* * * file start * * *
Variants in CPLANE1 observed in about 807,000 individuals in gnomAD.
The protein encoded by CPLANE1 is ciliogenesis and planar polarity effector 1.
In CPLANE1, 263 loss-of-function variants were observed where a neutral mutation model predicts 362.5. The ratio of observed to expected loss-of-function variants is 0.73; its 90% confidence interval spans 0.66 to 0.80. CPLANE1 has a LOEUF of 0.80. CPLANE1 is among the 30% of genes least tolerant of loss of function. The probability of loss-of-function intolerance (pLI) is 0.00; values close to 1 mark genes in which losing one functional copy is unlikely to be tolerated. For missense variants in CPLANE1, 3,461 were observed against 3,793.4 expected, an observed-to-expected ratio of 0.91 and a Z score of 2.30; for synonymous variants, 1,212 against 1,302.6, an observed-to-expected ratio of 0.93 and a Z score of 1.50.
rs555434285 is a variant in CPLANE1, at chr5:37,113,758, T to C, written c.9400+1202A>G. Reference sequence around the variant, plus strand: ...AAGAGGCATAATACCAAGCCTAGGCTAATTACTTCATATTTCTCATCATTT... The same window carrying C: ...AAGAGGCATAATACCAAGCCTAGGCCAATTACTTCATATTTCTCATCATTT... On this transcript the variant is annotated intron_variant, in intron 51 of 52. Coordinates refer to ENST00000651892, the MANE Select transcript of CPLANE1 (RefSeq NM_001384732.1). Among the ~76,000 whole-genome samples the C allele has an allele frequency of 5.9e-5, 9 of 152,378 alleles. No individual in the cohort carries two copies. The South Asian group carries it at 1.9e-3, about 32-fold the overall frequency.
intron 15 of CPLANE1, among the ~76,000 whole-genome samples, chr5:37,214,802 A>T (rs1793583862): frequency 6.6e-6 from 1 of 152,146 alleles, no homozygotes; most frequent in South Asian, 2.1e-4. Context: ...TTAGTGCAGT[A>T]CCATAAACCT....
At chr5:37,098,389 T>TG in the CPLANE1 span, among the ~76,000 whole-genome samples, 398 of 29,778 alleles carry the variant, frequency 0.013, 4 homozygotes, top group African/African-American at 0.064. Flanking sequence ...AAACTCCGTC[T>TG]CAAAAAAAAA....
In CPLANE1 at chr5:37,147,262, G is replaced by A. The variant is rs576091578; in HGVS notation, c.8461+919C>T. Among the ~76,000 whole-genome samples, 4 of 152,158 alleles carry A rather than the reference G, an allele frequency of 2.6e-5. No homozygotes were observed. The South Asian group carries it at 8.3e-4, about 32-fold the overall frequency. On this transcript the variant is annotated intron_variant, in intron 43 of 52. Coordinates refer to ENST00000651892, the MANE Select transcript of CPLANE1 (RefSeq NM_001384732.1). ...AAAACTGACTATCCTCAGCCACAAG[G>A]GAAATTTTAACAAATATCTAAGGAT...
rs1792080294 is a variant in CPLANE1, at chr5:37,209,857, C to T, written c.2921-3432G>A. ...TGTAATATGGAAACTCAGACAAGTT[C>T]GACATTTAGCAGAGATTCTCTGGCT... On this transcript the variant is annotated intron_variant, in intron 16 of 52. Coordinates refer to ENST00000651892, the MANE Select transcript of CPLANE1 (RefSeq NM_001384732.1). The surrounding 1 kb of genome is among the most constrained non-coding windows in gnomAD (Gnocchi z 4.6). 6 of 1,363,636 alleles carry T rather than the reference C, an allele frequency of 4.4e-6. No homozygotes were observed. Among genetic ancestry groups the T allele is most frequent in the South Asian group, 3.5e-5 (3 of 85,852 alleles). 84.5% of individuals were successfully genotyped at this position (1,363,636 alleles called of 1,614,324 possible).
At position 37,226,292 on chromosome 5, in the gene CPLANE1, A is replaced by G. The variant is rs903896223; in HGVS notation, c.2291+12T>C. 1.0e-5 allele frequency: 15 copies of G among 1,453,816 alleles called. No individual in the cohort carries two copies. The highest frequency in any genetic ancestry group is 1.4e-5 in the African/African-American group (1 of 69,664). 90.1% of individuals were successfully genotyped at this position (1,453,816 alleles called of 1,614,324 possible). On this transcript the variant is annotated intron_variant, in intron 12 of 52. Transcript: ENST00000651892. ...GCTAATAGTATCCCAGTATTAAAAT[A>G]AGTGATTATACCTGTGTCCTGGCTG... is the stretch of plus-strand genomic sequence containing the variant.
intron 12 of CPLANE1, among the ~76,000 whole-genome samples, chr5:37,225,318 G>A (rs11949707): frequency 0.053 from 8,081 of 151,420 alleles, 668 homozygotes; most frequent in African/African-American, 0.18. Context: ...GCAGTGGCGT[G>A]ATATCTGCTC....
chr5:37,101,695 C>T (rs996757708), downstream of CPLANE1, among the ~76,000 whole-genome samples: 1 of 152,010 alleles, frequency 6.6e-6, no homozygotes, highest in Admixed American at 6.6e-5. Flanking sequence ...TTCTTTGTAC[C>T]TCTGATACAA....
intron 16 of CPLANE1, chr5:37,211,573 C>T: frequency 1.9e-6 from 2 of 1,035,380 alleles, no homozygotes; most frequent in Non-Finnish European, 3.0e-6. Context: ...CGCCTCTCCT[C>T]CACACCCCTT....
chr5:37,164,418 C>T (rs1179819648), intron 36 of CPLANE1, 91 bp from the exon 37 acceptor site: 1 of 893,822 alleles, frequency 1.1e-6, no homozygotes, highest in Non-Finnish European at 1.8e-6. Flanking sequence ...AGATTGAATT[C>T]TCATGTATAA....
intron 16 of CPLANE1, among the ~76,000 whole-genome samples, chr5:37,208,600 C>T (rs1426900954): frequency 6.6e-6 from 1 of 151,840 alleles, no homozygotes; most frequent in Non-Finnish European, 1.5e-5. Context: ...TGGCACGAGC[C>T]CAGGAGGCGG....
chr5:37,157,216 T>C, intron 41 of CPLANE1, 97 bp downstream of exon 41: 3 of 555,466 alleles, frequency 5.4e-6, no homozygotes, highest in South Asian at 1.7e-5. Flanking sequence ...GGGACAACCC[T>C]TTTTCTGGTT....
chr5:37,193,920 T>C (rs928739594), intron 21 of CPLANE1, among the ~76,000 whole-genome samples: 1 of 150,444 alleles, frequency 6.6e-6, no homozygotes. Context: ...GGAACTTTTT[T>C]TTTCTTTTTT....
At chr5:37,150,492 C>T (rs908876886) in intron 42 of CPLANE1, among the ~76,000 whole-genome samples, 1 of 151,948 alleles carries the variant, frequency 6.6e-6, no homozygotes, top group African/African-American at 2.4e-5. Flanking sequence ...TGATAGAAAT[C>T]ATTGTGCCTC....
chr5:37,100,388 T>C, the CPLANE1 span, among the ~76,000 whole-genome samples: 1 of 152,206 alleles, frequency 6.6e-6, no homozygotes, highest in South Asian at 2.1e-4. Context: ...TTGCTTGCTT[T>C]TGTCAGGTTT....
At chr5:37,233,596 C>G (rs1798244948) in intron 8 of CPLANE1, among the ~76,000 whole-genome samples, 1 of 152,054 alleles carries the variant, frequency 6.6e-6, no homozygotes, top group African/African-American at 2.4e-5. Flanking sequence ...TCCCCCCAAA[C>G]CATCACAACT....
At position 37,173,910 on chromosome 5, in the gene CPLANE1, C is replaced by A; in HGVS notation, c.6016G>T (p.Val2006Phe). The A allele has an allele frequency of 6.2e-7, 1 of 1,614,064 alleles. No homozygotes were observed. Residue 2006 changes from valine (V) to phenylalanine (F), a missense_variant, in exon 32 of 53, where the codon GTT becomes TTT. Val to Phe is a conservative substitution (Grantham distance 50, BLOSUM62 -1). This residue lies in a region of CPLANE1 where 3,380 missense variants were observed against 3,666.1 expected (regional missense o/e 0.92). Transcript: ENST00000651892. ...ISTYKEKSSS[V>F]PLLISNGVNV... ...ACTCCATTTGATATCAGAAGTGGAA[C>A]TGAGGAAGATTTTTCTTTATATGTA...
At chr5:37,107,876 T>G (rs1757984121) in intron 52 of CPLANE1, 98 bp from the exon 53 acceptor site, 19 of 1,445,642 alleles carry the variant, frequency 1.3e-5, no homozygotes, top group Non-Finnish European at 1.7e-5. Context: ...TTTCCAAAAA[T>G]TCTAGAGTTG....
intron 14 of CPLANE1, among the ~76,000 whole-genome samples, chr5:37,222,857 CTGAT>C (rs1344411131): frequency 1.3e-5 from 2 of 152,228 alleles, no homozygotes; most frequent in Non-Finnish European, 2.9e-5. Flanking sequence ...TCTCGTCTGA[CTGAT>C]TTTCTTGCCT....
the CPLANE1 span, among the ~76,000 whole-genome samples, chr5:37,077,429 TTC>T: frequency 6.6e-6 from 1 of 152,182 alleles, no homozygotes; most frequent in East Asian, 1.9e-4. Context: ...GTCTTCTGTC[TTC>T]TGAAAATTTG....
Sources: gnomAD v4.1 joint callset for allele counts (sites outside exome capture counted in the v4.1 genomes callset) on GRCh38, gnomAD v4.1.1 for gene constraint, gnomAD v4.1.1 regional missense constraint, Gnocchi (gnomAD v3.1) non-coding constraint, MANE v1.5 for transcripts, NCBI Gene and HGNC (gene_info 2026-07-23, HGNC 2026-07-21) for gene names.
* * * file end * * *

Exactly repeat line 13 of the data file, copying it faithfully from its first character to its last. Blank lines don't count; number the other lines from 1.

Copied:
chr5:37,164,418 C>T (rs1179819648), intron 36 of CPLANE1, 91 bp from the exon 37 acceptor site: 1 of 893,822 alleles, frequency 1.1e-6, no homozygotes, highest in Non-Finnish European at 1.8e-6. Flanking sequence ...AGATTGAATT[C>T]TCATGTATAA....